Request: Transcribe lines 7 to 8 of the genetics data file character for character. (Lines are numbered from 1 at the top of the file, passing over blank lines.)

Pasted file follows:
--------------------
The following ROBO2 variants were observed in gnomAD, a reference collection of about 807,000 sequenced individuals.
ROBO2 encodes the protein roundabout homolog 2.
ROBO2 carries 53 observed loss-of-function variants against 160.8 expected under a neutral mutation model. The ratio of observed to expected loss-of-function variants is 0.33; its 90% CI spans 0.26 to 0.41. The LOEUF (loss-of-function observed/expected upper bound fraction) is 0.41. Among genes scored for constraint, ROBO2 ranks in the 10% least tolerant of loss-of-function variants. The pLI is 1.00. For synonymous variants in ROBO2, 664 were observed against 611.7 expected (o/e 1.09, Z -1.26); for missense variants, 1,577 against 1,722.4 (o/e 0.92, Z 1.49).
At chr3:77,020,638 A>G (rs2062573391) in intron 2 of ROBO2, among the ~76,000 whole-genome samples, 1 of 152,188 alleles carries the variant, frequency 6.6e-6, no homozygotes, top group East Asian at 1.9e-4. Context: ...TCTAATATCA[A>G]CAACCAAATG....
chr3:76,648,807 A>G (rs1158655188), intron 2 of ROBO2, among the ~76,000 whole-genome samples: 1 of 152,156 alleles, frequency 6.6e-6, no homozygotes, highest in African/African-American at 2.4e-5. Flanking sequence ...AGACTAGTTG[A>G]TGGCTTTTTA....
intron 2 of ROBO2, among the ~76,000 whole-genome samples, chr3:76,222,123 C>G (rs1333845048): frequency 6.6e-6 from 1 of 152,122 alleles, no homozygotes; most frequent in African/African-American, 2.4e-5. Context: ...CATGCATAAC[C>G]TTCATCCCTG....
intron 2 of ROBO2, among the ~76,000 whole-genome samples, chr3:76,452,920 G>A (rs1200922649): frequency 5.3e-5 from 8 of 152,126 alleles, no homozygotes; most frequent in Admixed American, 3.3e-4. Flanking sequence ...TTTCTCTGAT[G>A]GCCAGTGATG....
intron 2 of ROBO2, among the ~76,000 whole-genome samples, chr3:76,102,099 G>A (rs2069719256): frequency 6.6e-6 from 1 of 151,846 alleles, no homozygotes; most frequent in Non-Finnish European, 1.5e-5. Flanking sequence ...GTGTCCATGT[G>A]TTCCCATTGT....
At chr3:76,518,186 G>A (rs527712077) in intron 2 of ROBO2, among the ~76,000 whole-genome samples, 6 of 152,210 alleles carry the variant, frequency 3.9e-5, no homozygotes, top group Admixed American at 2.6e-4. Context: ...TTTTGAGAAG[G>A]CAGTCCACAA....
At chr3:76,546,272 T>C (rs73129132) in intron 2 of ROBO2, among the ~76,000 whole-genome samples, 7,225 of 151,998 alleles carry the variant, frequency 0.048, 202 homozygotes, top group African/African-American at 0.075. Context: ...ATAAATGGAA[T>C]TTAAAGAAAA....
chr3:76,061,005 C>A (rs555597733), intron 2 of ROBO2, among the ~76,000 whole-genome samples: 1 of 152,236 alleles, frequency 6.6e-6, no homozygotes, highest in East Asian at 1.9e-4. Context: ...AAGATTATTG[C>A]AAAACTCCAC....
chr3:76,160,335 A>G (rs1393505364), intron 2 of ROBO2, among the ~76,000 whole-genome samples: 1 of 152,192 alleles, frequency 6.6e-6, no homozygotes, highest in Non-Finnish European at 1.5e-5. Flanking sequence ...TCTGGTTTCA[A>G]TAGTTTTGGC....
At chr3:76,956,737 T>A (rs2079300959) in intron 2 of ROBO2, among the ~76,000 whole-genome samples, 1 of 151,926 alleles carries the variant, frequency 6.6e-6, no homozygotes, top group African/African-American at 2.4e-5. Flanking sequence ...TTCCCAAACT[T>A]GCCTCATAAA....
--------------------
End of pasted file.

intron 2 of ROBO2, among the ~76,000 whole-genome samples, chr3:76,452,920 G>A (rs1200922649): frequency 5.3e-5 from 8 of 152,126 alleles, no homozygotes; most frequent in Admixed American, 3.3e-4. Flanking sequence ...TTTCTCTGAT[G>A]GCCAGTGATG....
intron 2 of ROBO2, among the ~76,000 whole-genome samples, chr3:76,102,099 G>A (rs2069719256): frequency 6.6e-6 from 1 of 151,846 alleles, no homozygotes; most frequent in Non-Finnish European, 1.5e-5. Flanking sequence ...GTGTCCATGT[G>A]TTCCCATTGT....